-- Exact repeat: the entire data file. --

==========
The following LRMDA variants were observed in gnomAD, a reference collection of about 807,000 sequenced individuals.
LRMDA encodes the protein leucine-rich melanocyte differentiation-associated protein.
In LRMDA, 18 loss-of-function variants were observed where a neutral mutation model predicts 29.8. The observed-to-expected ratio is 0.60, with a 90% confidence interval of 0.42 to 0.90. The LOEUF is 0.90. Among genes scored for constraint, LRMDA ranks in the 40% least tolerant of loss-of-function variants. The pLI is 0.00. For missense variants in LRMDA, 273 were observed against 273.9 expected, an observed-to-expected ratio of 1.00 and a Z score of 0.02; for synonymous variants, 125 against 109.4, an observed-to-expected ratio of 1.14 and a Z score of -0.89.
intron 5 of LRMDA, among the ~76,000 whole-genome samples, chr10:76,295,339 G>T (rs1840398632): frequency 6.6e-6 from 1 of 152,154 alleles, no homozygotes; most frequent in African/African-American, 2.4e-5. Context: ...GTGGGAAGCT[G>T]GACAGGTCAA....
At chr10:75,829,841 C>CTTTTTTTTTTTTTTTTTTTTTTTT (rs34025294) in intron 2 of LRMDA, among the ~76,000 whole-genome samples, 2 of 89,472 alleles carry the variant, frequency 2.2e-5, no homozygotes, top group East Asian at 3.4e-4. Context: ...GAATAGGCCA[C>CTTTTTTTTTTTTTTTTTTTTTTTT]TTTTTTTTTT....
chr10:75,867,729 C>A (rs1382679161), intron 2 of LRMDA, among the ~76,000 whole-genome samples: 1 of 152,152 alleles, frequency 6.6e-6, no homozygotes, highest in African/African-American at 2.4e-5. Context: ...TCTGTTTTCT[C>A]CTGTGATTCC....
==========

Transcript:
The following LRMDA variants were observed in gnomAD, a reference collection of about 807,000 sequenced individuals.
LRMDA encodes the protein leucine-rich melanocyte differentiation-associated protein.
In LRMDA, 18 loss-of-function variants were observed where a neutral mutation model predicts 29.8. The observed-to-expected ratio is 0.60, with a 90% confidence interval of 0.42 to 0.90. The LOEUF is 0.90. Among genes scored for constraint, LRMDA ranks in the 40% least tolerant of loss-of-function variants. The pLI is 0.00. For missense variants in LRMDA, 273 were observed against 273.9 expected, an observed-to-expected ratio of 1.00 and a Z score of 0.02; for synonymous variants, 125 against 109.4, an observed-to-expected ratio of 1.14 and a Z score of -0.89.
intron 5 of LRMDA, among the ~76,000 whole-genome samples, chr10:76,295,339 G>T (rs1840398632): frequency 6.6e-6 from 1 of 152,154 alleles, no homozygotes; most frequent in African/African-American, 2.4e-5. Context: ...GTGGGAAGCT[G>T]GACAGGTCAA....
At chr10:75,829,841 C>CTTTTTTTTTTTTTTTTTTTTTTTT (rs34025294) in intron 2 of LRMDA, among the ~76,000 whole-genome samples, 2 of 89,472 alleles carry the variant, frequency 2.2e-5, no homozygotes, top group East Asian at 3.4e-4. Context: ...GAATAGGCCA[C>CTTTTTTTTTTTTTTTTTTTTTTTT]TTTTTTTTTT....
chr10:75,867,729 C>A (rs1382679161), intron 2 of LRMDA, among the ~76,000 whole-genome samples: 1 of 152,152 alleles, frequency 6.6e-6, no homozygotes, highest in African/African-American at 2.4e-5. Context: ...TCTGTTTTCT[C>A]CTGTGATTCC....